Pharma's digital revolution is well underway, and Sandoz is placing some big bets that tech can transform the company—and everything it does.
The Novartis generics business is taking on digital and data technologies from discovery and development all the way to commercialization, believing the approach can open up healthcare access and improve patient outcomes.
Leading the digital transformation push in North America is Carol Lynch, president of Sandoz U.S. and head of North America, and Mike Fraser, VP of strategy, innovation and analytics. The two talked to FiercePharma recently about Sandoz and Novartis’ strategy, programs and mission in digital technology.
“We're looking across the whole value chain to make sure we’re embracing digital and technology wherever we can. So that means from the way that we innovate, to the way that we sell and the way that we operate and do day-to-day business,” Lynch said. “That spans a whole range of activities from how do you use AI and automation all the way through to prescription digital therapies.”
It's the latter field where Sandoz has honed a leading edge. Prescription digital therapeutics are an emerging category of FDA-approved digital treatments that require a doctor's prescription. And as Fraser noted, these are not "just apps."
Sandoz’s partnership with Pear Therapeutics, for instance, yielded the first FDA-approved digital therapeutics—reSET and reSET-O—and the first directly detailed by a drugmaker. The partners have more prescription therapeutics in the works for schizophrenia and multiple sclerosis.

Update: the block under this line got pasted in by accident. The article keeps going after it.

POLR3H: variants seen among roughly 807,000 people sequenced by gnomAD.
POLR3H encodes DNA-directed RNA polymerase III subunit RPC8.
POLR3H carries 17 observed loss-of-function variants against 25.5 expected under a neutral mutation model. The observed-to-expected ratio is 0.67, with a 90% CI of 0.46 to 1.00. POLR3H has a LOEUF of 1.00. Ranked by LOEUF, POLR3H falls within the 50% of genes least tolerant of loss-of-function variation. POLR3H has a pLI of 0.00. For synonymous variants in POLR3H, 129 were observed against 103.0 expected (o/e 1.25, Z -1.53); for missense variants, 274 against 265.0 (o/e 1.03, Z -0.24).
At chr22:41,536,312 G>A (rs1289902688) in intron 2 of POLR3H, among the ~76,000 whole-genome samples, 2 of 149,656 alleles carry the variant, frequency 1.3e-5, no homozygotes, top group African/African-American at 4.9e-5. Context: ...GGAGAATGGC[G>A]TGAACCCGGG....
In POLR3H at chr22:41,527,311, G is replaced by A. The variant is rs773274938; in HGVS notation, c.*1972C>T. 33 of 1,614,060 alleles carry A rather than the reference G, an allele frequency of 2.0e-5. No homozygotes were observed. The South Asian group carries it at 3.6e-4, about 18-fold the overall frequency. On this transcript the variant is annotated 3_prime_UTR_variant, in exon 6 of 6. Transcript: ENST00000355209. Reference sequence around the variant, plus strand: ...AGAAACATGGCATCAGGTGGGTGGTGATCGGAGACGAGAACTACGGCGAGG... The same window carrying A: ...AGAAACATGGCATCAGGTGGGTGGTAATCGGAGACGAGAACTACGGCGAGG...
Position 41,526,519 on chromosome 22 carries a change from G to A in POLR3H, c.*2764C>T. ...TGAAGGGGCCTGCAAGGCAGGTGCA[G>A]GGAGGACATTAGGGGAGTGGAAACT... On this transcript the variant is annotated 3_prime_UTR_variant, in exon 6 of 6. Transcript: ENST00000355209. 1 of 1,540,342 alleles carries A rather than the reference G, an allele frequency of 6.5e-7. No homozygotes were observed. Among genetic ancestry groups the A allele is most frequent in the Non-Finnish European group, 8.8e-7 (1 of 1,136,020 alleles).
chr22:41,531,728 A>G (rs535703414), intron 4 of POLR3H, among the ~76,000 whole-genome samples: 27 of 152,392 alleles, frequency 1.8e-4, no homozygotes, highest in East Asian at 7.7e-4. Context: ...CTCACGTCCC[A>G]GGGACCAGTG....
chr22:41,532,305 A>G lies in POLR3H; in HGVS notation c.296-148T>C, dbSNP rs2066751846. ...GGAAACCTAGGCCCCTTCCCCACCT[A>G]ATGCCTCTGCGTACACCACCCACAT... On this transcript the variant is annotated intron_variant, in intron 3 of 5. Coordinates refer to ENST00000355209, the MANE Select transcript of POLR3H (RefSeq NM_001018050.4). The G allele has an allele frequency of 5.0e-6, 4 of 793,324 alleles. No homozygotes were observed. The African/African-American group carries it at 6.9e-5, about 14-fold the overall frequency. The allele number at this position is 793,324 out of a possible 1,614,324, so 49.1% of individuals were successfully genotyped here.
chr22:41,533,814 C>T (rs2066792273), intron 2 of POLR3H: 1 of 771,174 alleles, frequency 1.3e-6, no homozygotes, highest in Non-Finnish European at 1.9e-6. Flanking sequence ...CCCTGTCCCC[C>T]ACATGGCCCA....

“We believe that prescription digital therapeutics are about to become a true medical alternative that will use communication-based technologies and software to improve patient outcomes and help lower the cost of healthcare,” Fraser said.
The “beauty of digital therapeutics" is the data, he said. That includes data initially generated to win FDA approval, plus ongoing feedback to improve the product. But it also means real-world data payers can use to monitor how effective the products are, and the day-to-day data core to treatment, both for patients and their doctors.
For example, with reSET and reSET-O for opioid addiction, patients input data about their cravings, treatments and other metrics. The records go straight to the clinician, who can use the data when the patient visits. Instead of spending time updating records and catching up on how they've been since the last office visit, the patient and provider can get right into counseling, Fraser said.
Sandoz isn’t alone in its focus on digital therapeutics, of course; the overall market is expected to grow 30% from 2017 through 2023.
Prescription digital therapeutics make up just one of 12 digital "lighthouses" at Novartis, though it's the only one specifically housed inside Sandoz. But the generics-focused unit is adopting digital to revamp its other operations, too. They use software to help select development candidates and employ artificial intelligence for pricing and tendering, Lynch said. Its day-to-day back office processes are now automated to be more efficient, too.
Another way Sandoz is leveraging digital is its annual innovation challenge—called the Healthcare Access Challenge—held this year at South by Southwest. Sandoz's global call for entries yielded more than 400 ideas from 80 different countries. All three finalists were ultimately deemed winners because Sandoz couldn't choose just one.
Still, even with so many initiatives underway, Sandoz says it’s got plenty of room to grow in digital.
“As we’re setting out on this transformation journey, some aspects move faster than others. We’re very much at the beginning in many areas, and while we’re obviously pioneering in the digital therapeutics, we’re still at the beginning even there," Lynch said. "We’re at the head of the pack, but it’s the beginning of the journey."